born Oct. \C>. 1754. {3) Mary, born Xov. 3, 1756,
married Ar.drmv f.. Stone, r.nd die'I in June. 1840.
(4) Willis, burn F.b. >>. 1701, luarrieci Esther
Hand, and died June 31, 1S15. (5) Mabel, born

Dec. 17, 1762, married Tinuthy Grc.vcs, and died
Xov. 19, 1837.

Josiah Munger was born Oct. if), 1754. in East
Guilford, and made his home in his native com-
munity, where he was engaged in farming. He
was a private in the Revolutionary war, and died
in August, 1838. His first wife was Anne Lee.
Hannah Coe, his second wife, died Jan. 14, 1837.
His children were; (i) George was born Feb.
17, 1781 : (2) Sarah, born Feb. 10, 1784. died Jan.
30, 1816; (3) .\nna, born March 4, 1792, married
Deacon Josiah I'rudden. and died in January, 1820;.
(4) Mabel, burn Sept. 21. 1802, luarried George
Cram; (5) Josiah, born Xov.- 3, 1804, married
Maria Fowler, and died Dec. 18, 1863.

George Munger, great-grandfather of George-
B., was an artist, and also taught school. He died
in Madison June 2, 1822. On Dec. 23, 1802. he
married Parnel Kelsey, who was born Jan. 21, 1781,
and died Oct. 25. i860. She married for her sec-
ond husband Minor Bradley. Mr. and Mrs. George
Munger were the parents of the following children :
( I ) George Xicholas, born Sept. 22,. 1S03. is men-
tioned below; (2) Clarissa, born May 20, 1S06, mar-
ried Rev. Milton Badger, and died Dec. 14, 1889;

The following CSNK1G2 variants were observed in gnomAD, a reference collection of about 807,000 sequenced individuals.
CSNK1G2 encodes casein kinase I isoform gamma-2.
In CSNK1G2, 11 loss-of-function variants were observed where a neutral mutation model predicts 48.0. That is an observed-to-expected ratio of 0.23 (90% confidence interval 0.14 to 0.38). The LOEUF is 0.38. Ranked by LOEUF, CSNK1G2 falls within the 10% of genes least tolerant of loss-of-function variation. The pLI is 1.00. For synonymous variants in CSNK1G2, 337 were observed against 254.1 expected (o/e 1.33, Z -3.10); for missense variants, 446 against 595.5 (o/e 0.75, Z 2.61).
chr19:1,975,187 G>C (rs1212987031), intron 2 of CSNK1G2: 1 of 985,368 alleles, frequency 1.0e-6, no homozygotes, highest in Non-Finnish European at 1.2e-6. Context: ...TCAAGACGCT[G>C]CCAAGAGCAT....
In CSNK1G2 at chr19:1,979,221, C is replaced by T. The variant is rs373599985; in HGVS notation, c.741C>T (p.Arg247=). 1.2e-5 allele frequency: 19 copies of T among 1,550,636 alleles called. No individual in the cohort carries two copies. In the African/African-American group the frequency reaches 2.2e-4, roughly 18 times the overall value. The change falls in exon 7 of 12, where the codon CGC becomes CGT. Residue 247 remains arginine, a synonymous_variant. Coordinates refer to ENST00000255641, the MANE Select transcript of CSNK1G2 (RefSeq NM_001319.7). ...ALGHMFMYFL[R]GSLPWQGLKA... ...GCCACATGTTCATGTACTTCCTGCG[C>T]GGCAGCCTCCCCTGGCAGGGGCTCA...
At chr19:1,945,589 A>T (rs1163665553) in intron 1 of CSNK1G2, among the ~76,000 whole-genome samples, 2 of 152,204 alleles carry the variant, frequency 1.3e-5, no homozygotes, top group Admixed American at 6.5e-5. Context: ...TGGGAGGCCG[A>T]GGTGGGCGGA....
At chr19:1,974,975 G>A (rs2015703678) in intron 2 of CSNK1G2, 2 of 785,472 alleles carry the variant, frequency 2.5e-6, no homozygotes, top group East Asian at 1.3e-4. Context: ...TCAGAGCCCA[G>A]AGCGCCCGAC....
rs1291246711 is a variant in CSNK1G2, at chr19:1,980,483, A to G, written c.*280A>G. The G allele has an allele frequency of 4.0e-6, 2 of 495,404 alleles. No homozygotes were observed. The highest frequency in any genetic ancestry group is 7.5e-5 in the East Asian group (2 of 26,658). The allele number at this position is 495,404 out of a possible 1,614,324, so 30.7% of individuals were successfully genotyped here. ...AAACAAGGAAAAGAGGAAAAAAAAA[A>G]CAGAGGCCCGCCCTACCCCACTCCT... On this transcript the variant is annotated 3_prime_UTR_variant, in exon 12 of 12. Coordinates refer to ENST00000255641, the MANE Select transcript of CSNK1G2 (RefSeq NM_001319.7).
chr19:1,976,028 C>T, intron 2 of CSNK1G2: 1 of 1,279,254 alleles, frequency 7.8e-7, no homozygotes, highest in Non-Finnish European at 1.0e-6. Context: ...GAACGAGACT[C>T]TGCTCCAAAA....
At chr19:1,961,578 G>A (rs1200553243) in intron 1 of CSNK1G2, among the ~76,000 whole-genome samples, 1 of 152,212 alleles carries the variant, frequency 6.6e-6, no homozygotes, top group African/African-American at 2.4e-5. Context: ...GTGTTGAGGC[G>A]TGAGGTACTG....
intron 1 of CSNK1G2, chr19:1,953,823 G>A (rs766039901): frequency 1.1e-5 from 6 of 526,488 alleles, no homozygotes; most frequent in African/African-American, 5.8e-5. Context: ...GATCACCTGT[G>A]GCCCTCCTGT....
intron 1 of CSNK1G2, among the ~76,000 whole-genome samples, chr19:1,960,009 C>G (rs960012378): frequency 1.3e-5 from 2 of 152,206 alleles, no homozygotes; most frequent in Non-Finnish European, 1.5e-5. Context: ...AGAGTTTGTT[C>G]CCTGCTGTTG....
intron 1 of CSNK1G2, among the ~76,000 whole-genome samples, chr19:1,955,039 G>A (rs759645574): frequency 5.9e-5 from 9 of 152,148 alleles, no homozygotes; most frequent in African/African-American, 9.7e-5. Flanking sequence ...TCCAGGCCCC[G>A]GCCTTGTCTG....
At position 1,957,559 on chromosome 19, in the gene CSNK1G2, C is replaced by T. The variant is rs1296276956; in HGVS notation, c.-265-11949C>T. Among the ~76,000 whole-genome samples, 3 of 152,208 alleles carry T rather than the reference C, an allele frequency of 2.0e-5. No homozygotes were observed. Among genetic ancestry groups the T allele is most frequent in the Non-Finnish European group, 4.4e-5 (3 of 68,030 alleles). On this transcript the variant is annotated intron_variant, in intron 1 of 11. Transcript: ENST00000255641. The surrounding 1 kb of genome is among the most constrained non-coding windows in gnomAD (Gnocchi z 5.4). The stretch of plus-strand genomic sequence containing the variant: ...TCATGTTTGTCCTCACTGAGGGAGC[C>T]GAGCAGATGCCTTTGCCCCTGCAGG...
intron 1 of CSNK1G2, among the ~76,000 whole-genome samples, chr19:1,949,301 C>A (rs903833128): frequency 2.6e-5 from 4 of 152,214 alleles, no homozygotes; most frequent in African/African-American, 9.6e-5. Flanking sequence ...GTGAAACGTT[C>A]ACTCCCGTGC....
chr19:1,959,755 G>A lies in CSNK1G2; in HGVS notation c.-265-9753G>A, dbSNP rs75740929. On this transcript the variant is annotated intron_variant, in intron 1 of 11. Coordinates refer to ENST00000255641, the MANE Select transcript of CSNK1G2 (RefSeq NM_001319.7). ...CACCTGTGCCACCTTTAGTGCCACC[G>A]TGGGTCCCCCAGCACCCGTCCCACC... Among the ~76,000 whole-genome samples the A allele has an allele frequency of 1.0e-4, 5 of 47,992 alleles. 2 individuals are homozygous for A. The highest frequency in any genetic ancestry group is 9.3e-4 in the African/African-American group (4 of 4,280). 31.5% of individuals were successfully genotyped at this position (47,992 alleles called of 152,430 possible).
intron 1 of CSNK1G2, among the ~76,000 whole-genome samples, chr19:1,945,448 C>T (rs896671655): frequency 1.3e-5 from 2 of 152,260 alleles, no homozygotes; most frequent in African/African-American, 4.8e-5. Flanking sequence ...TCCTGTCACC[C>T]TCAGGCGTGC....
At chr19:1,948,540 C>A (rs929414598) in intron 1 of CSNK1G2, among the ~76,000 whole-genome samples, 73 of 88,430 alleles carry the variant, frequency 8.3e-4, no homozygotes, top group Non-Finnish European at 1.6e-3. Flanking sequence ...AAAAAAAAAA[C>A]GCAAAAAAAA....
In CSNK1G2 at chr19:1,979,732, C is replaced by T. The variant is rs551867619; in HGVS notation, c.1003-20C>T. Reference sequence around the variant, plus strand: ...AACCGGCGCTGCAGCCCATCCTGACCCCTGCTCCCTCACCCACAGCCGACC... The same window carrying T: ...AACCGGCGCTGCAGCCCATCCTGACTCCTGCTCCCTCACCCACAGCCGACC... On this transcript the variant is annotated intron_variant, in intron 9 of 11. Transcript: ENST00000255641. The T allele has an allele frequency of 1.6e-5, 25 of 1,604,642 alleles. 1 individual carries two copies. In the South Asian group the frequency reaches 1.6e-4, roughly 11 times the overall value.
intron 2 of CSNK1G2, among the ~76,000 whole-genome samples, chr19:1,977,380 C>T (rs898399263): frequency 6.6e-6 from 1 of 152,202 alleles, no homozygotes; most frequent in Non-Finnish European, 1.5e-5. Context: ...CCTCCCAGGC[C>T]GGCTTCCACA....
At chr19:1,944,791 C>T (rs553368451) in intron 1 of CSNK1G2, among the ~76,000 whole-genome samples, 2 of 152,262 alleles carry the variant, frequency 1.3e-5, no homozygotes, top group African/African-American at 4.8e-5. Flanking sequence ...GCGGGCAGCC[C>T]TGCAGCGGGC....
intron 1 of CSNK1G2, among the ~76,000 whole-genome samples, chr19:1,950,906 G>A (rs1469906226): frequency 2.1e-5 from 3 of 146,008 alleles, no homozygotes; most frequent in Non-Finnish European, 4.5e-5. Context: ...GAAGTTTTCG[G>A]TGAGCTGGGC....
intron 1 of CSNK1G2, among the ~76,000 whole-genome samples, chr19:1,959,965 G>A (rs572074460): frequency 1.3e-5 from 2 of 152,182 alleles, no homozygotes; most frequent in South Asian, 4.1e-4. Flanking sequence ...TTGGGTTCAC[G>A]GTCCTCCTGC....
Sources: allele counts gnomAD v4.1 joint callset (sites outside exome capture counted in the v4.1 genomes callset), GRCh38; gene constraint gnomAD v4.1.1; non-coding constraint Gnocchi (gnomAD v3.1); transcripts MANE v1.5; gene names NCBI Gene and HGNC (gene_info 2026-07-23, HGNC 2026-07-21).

(3) Caroline, born May 15, 1808. married Horace
\\'ashburn; (4) Amanda Ann, born Xov. 9, 1813,
married Samuel C, Chittenden; (5) Susan, born
March 22, 1821, died July 19, 1826.

George X'. Munger, grandfather of George B.,
was born in Madison, grew to manhood under the
parental roof, and spent the greater part of his life-
in X'ew Haven, where his old age was passed. For
a number of years he was engaged in making
mathematical instruments, principally for college
use. He died Aug. i, 1882, in East River, while
on a visit to that place. He was an old-time Whig,
and a man of force and character. His first wife-
was Amy Merwin,. whom he married June 2, 1825,
and his second wife was ]\[ary Merwin. His chil-
dren were: (i) Caroline Amanda, born April 5.
1826, married Alfred X'. Wilco.x ; (2) George, born
X'ov. 27, 1827, is mentioned below; (3) Susan A.,
born ^lay 15, 1829, died Aug. 6, 1854; (4) Emily,
born April 10, 1831, died Sept. 2, 1879; (5) Edwin
Miles, born March 5, 1833, died March 10, 1898;
(6) Elizabeth was born Oct. 8, 1836.

George Munger, father of George B., was born